Not all volcanic rock is "light" or has a low density—basalt is quite heavy and organic, whereas granite is lighter but still volcanic in nature. Both types of rock can be found near surface levels (within 10 miles or 16 km) of active volcanoes.
Volcanic rocks are very dense: 300 to 700 kg/m3 for basalt and 200 to 500 kg/m3 for granite. These densities are much higher than those of other sedimentary rocks (10-50 kg/m3) and igneous rocks (5-25 kg/m3).
Basalt is an extremely abundant volcanic rock that forms the majority of the ocean's outer continental shelves. It is hard and glassy and usually dark blue in color. Basalt can be large; one example is Ocean Island, which is nearly 5 by 3 miles (8 by 4 km) and rises more than 1000 feet (300 m) above the surrounding seafloor.
Granite is a relatively rare rock that makes up many of the Alps and other mountainous regions of Europe and North America. It is hard and shiny and usually light gray in color. Granite can be large; one example is Mount Rushmore, which is nearly 400 feet (120 m) high.
Basalt is a term that may be found in a dictionary. Volcanic rock (or lava) has a generally dark hue (gray to black), 45 to 53 percent silica content, and high iron and magnesium content. Basaltic lavas are more fluid than silica-rich andesites or dacites. Basalt is the most prevalent form of rock found in the Earth's crust (the outer 10 to 50 km).
Dacite is a term that may be found in a dictionary. Vulcanized volcanic rock (or lava) has a light gray to white color, usually less than 40 percent silicon dioxide content, and low iron and magnesium content. Dacitic lavas are more fluid than silica-rich andesites or basalts.
Basalt and dacite are two forms of volcanic rock. Both are composed of glassy droplets of molten rock ("lavas") mixed with water and chemicals dissolved from the surrounding rock. The size of the droplets within basalt varies from nanometers to hundreds of microns. Within dacite, the size of the droplets can be as small as 0.1 mm or larger.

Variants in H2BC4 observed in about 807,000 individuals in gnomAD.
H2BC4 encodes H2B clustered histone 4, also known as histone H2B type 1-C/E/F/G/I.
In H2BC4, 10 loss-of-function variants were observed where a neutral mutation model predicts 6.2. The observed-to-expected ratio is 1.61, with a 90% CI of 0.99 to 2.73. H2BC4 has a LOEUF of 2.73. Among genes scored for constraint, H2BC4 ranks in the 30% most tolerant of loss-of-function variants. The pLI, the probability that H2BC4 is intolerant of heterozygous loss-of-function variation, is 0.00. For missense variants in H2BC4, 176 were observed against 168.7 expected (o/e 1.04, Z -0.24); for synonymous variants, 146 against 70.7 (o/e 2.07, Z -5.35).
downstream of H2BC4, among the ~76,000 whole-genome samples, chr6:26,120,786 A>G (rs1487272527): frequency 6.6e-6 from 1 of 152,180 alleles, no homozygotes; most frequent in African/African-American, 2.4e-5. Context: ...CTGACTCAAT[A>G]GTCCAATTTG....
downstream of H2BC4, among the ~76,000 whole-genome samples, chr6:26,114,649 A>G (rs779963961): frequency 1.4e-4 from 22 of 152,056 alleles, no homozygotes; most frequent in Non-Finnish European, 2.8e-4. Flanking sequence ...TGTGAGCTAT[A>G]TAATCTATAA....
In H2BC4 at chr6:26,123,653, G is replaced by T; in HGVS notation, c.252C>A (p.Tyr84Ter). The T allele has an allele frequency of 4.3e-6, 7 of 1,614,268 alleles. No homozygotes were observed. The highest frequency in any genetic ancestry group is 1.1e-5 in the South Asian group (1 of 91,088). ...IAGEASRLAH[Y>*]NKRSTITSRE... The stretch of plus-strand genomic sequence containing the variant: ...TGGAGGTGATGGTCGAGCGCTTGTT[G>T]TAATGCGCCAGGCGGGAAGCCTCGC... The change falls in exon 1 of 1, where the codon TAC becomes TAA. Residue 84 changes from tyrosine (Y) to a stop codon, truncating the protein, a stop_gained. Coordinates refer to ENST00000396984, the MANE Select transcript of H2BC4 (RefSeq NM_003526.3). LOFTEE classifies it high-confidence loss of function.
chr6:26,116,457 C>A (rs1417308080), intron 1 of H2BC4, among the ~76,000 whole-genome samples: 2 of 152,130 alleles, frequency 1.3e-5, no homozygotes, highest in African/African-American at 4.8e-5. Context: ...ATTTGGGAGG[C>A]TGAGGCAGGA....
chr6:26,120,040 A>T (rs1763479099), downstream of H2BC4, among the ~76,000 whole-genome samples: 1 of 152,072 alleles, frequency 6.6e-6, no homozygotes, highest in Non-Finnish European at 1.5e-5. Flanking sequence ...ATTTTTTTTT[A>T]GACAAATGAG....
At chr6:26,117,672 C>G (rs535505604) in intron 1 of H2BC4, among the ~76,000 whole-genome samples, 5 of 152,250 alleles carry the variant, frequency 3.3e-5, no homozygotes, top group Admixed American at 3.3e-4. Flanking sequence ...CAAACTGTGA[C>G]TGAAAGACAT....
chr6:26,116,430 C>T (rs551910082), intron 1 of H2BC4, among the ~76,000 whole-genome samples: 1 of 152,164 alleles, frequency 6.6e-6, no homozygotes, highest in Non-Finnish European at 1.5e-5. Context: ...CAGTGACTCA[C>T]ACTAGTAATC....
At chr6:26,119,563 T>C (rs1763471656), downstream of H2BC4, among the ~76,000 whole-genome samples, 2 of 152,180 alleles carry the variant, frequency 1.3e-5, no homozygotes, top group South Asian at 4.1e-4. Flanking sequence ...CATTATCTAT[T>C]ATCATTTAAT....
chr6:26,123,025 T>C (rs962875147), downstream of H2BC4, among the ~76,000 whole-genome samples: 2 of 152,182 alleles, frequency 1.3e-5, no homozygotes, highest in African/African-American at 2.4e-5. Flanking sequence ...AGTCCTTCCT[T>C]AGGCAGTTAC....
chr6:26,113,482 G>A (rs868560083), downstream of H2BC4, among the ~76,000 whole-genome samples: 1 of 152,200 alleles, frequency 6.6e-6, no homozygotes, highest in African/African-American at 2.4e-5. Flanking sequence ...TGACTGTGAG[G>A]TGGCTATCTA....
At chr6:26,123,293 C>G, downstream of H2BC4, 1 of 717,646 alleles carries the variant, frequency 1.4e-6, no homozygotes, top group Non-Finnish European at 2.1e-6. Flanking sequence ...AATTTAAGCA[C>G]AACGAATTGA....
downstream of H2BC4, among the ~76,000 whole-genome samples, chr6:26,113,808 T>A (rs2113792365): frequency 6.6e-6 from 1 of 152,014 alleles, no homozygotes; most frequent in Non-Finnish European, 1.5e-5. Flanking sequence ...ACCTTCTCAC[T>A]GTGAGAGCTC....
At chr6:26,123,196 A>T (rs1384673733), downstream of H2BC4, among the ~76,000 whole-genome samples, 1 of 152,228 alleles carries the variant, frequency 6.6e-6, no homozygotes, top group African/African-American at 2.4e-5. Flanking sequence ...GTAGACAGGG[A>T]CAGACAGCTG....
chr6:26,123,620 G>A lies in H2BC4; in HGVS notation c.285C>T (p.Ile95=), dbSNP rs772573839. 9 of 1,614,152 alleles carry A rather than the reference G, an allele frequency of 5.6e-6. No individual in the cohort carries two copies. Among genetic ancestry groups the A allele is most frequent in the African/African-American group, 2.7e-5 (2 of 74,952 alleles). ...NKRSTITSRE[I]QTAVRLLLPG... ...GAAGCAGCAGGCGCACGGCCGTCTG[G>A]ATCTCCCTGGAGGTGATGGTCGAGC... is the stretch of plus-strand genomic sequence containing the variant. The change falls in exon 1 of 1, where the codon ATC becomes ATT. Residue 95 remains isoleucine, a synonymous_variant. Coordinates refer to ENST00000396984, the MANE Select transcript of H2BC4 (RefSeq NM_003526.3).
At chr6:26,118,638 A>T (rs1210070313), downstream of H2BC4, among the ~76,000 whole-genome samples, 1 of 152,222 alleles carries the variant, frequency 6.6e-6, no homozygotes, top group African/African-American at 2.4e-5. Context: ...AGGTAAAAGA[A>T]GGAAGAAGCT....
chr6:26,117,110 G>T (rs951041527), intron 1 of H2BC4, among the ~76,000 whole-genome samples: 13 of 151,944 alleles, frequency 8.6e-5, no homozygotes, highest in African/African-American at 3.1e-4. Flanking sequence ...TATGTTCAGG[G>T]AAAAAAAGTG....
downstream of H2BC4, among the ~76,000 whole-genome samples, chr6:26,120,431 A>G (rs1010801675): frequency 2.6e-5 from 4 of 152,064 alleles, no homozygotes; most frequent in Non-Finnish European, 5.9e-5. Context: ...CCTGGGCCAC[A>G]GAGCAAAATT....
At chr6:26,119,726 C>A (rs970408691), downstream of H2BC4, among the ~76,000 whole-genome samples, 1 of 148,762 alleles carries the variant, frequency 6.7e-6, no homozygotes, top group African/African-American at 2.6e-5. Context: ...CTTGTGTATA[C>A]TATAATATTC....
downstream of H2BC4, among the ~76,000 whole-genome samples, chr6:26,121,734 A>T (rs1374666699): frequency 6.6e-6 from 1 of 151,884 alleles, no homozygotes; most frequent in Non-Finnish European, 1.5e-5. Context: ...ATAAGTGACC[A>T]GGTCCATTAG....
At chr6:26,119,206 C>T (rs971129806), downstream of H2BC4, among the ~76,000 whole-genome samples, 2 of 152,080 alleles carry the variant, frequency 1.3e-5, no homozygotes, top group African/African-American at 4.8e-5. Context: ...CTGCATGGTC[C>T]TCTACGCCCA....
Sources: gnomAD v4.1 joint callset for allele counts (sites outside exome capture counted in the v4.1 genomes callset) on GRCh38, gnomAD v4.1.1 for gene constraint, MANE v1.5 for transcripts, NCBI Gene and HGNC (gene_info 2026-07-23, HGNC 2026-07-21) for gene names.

Basalt and dacite are different types of volcanic rock formed at different times during volcanic activity. Basalt often forms the first part of a volcano to be released into the atmosphere, while dacite typically forms later after the volcano has cooled down. This means that basalt is usually more fluid than dacite.
Basaltic magma produces light-colored rocks with lower density. Granitic magma has a lot of silica. When granitic magma cools, it forms dense rocks like granite. But because basaltic magma is less dense than water, when it cools it leaves behind large crystals of silicon dioxide (essentially sand).
These are just some of the many different types of rock that form due to differences in the minerals and elements they contain. As you explore our planet, you will find many more varieties of rock than these few examples. In fact, there are so many different types of rock on Earth that we cannot possibly identify every single one of them!
Rocks are formed under pressure and heat over time. As molten material deep within the earth's crust solidifies into rock, the remaining materials are trapped inside the solid matrix of the rock. The size of the particles inside the molten mass determines how much pressure must be applied to the molten mass to cause it to solidify. If the particles are very small, there is not enough pressure to keep them from sinking back down into the molten mass where they can re-melt and be re-recrystallized into new rock.